Wednesday, November 16, 2011

Interview With a Fisherwoman #3

When she was two years old and living on the island, her father would put her in a wicker basket and lower her on a rope down the long walls of granite to the groper hole. 
He was a strong man and a lighthouse keeper. 

He would climb down after her and together they berleyed up crabs and abalone roe.
Some of the groper were as big as he. He’d climb back up the rock with the tracer over his shoulder, hauling the creature out of the sea.
“We used to eat fish every day, and rabbits. Loads of rabbits on Eclipse Island. The Kestrel only came out every few weeks with supplies, firewood, kero, flour, all that stuff, so we ate whatever was around.”

As a family they worked sharking at Hammelin Bay and rarely went past the little island for prey. It has always been a popular holiday spot and I think netting is now banned there. “So many sharks! Right where everyone swam and mucked about.” She showed me a photograph of her as a kid, surrounded in shark carcasses slung from racks and lying in the sand at her feet.

Black and white photographs of huge sharks, the images peeled at the edges, sometimes a date, names and other details neatly typed on a separate piece of paper and glued carefully beneath the fish – I see these pictures often when talking to older fishers. 
Far from macho posings, the commercial fishers tended to take pictures of women wearing shady hats and aprons, or children with bleached, wild hair sitting astride a monster that they hooked off the beach or dragged out of the salmon net. Women and their daughters have always been part of the action.

“I was snigging salmon up the beach when I was two years old,” Ms Mer tells me proudly.

Image: Mulloway. Robert Neill. 1841.


  1. I've chucked a picture of the mulloway (or the 'Kingy') onto this post. I doubt they swam around out at at Eclipse Island, being an inlet and river critter. But, what a great fish pic ...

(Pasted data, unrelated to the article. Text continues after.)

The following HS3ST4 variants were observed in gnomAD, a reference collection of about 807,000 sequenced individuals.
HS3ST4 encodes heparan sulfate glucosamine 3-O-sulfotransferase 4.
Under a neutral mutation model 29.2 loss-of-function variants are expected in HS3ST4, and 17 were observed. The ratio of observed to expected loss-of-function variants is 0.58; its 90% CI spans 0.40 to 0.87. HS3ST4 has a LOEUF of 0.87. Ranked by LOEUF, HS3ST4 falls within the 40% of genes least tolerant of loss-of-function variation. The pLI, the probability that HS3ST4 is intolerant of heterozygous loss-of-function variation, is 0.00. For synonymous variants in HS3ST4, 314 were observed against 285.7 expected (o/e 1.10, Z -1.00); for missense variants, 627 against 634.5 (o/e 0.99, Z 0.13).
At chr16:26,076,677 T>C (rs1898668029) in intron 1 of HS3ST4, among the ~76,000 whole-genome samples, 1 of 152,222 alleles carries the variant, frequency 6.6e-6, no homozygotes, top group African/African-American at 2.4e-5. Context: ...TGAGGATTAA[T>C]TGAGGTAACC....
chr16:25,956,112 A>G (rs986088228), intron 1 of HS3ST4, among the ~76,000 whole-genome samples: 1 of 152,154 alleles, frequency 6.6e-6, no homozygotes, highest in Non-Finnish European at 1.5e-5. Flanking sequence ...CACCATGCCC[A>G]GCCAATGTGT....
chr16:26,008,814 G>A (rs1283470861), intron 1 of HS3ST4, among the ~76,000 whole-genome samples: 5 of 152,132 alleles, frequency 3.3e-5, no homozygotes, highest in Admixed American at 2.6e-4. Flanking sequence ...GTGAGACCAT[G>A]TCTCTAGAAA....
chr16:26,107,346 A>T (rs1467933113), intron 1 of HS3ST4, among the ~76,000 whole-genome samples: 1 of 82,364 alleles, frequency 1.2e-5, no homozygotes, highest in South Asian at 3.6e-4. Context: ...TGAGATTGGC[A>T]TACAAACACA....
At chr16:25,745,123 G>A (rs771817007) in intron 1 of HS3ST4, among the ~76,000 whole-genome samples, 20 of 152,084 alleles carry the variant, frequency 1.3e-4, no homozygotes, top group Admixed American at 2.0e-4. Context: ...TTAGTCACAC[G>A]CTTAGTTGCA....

2. Such a stark difference from the outback :) Miss it a bit. Great read :)

  3. So jealous, I wanted to grow up on Eclipse Island like that. Well I do know that I know you could!

  4. I love the way you write.... economical yet painting a picture

  5. Beautiful photo. My friend Julian collects books and plates of early fish. Some of them are exquisite. Unfortunately he doesn't put any of them on line but he has published a beautiful book of his own.

    Nice interview especially the first section. I felt as though I'd travelled back in time - your style and her story.

  6. Petey! Hello there!
    Thanks Seashell and John. Mr Hat, I just had a look at Julian's website. Lovely stuff, thanks for the link.

  7. Lovely blog, Sarah. Came across your site a couple of years ago; researching early illustrations of Australian fish for a book I'm writing. Saw Robert Neill's 19th C paintings on your blog and guess what? I was able to examine his actual notebook with these paintings in the Museum of Natural History in London in March this year. Actual scales from the fish stuck on the paintings. Fantastic to see, and have included quotes from his notebook in my book.

  8. Hello Julian, thanks for following and commenting. How exciting to see Neill's fish pics for real!
    We should keep in contact. I'm part of a working group trying to produce something with those paintings. They are a fascinating look at the collision of cultures in King George Sound and make a good environment for a modern day conciliation of Nyoongar and Wadjela around here.

  9. Fanatastic account, so vivid :-)

  10. Thanks Nat. I'm gonna head out for another visit methinks ...